//Week in review - 24 Jan 2020

Week in Review for 24th January 2020


The AusCERT team would like to wish all of you a relaxing Australia Day long weekend; and a Happy Lunar New Year to those who celebrate. A reminder that the auscert@auscert.org.au mailbox will not be monitored on Monday 27 January as it is a nationwide public holiday. However, we will staff the 24/7 member incident hotline as usual, so do call us for any urgent matters during this period.

Fraudsters impersonate Chinese consulate in scam targeting international students
Date: 2020-01-23
Author: ABC News

Police say scores of international students in Queensland have been stung in a scam where fraudsters impersonated the Chinese consulate and demanded thousands of dollars to avoid deportation.

Hacker leaks passwords for more than 500,000 servers, routers, and IoT devices
Date: 2020-01-20
Author: ZDNet

A hacker has published this week a massive list of Telnet credentials for more than 515,000 servers, home routers, and IoT (Internet of Things) “smart” devices.
The list, which was published on a popular hacking forum, includes each device’s IP address, along with a username and password for the Telnet service, a remote access protocol that can be used to control devices over the internet.
According to experts to who ZDNet spoke this week, and a statement from the leaker himself, the list was compiled by scanning the entire internet for devices that were exposing their Telnet port. The hacker than tried using (1) factory-set default usernames and passwords, or (2) custom, but easy-to-guess password combinations.

5 tips to avoid spear-phishing attacks
Date: 2020-01-17
Author: Naked Security

Phishing, very briefly defined, is where a cybercriminal tricks you into revealing something electronically that you ought to have kept to yourself.
The good news is that most of us have learned to spot obvious phishing attacks these days.
The bad news is that you can’t reliably spot phishing attacks just by watching out for obvious mistakes, or by relying on the crooks saying “Dear Customer” rather than using your name.
You need to watch out for targeted phishing, often rather pointedly called spear-phishing, where the crooks make a genuine effort to tailor each phishing email, for example by customising it both to you and to your company.

Inside Pwn2Own’s High-Stakes Industrial Hacking Contest
Date: 2020-01-24
Author: WIRED

On a small, blue-lit stage in a dim side room of the Fillmore Theater in Miami on Tuesday, three men sat behind laptops in front of a small crowd. Two of them nervously reviewed the commands on a screen in front of them. Steven Seeley and Chris Anastasio, a hacker duo calling themselves Team Incite, were about to attempt to take over the Dell laptop sitting a few inches away by targeting a very particular piece of software it was running: A so-called human-machine interface, sold by the industrial control systems company Rockwell Automation.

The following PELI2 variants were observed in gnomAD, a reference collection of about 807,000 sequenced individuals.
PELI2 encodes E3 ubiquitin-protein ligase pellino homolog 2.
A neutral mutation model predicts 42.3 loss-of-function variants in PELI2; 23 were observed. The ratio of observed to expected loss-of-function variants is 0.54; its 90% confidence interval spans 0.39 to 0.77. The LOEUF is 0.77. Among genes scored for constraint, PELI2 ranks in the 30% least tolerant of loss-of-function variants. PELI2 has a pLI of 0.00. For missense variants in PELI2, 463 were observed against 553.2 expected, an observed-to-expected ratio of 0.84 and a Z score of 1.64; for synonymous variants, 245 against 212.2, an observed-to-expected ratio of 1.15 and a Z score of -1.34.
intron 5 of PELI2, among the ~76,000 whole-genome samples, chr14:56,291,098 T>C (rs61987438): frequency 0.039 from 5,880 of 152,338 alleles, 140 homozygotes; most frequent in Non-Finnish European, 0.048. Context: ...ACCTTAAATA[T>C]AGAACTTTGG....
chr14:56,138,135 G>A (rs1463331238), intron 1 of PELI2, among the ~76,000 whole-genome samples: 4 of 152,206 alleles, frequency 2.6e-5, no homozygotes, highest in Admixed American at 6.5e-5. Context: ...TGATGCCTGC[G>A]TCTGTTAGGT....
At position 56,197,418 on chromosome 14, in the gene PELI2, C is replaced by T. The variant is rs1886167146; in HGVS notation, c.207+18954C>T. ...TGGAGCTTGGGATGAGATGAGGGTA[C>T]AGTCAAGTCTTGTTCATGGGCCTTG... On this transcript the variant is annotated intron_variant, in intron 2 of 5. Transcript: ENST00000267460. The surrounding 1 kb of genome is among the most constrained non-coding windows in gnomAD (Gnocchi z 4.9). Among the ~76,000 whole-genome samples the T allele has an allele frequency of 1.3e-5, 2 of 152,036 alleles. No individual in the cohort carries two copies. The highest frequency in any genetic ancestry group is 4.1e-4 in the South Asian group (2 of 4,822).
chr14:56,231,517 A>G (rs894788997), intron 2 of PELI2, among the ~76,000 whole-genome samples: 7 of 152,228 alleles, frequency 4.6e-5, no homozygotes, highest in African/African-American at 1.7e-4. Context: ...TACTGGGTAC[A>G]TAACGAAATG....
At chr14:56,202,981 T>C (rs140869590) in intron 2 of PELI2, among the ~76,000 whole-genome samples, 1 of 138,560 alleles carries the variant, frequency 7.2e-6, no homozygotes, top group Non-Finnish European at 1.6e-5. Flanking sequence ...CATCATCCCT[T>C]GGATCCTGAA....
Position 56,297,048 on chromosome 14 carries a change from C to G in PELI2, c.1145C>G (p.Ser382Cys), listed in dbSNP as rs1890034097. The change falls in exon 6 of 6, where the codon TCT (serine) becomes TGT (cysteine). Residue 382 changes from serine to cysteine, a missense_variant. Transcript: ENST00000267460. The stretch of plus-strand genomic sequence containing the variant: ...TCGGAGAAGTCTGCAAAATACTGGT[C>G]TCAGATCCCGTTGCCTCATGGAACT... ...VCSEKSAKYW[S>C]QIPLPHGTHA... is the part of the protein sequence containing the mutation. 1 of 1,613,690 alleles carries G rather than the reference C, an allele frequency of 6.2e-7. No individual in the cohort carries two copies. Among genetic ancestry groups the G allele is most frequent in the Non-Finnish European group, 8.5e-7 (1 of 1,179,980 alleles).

Former ACSC chief MacGibbon blasts calls to legitimise screen scrapers
Date: 2020-01-21
Author: iTnews

Australia’s high profile former cybersecurity tsar Alastair MacGibbon has waded into the increasingly heated debate over the use of screen scrapers by fintech firms, warning any weakening of security controls under open banking will create an instant target list for hackers.

NIST Privacy Framework 1.0: Manage privacy risk, demonstrate compliance
Date: None
Author: Help Net Security

Our data-driven society has a tricky balancing act to perform: building innovative products and services that use personal data while still protecting people’s privacy. To help organizations keep this balance, the National Institute of Standards and Technology (NIST) is offering a new tool for managing privacy risk.
The agency has just released Version 1.0 of the NIST Privacy Framework: A Tool for Improving Privacy through Enterprise Risk Management.
The publication also provides clarification about privacy risk management concepts and the relationship between the Privacy Framework and NIST’s Cybersecurity Framework.

Microsoft Exposed 250 Million Customer Support Records
Date: 2020-01-20
Author: SecurityWeek

Nearly 250 million Microsoft Customer Service and Support records were found exposed to the Internet in five insecure Elasticsearch databases, Comparitech reports.
The records on those servers contained 14 years’ worth of logs of conversations between support agents and customers, all of which could be accessed by anyone directly from a browser, without any form of authentication.
In an update, Microsoft says that the exposure was the result of a misconfiguration that occurred on December 5, but that its investigation into the incident did not reveal malicious use.

ESB-2019.4708.7 – Vulnerability in Citrix Application Delivery Controller and Citrix Gateway

The RCE in Citrix NetScaler which has been making headlines lately & was updated this week with patches for specific versions.

ESB-2020.0262 – Red Hat kernel security and bug fix update

Linux kernel upgrades patching severe vulnerabilities reaches RHEL 8 for SAP

ESB-2020.0261 – Red Hat chromium-browser security update

Red Hat releases an Important update for chromium-browser

Stay safe, stay patched and have a good weekend!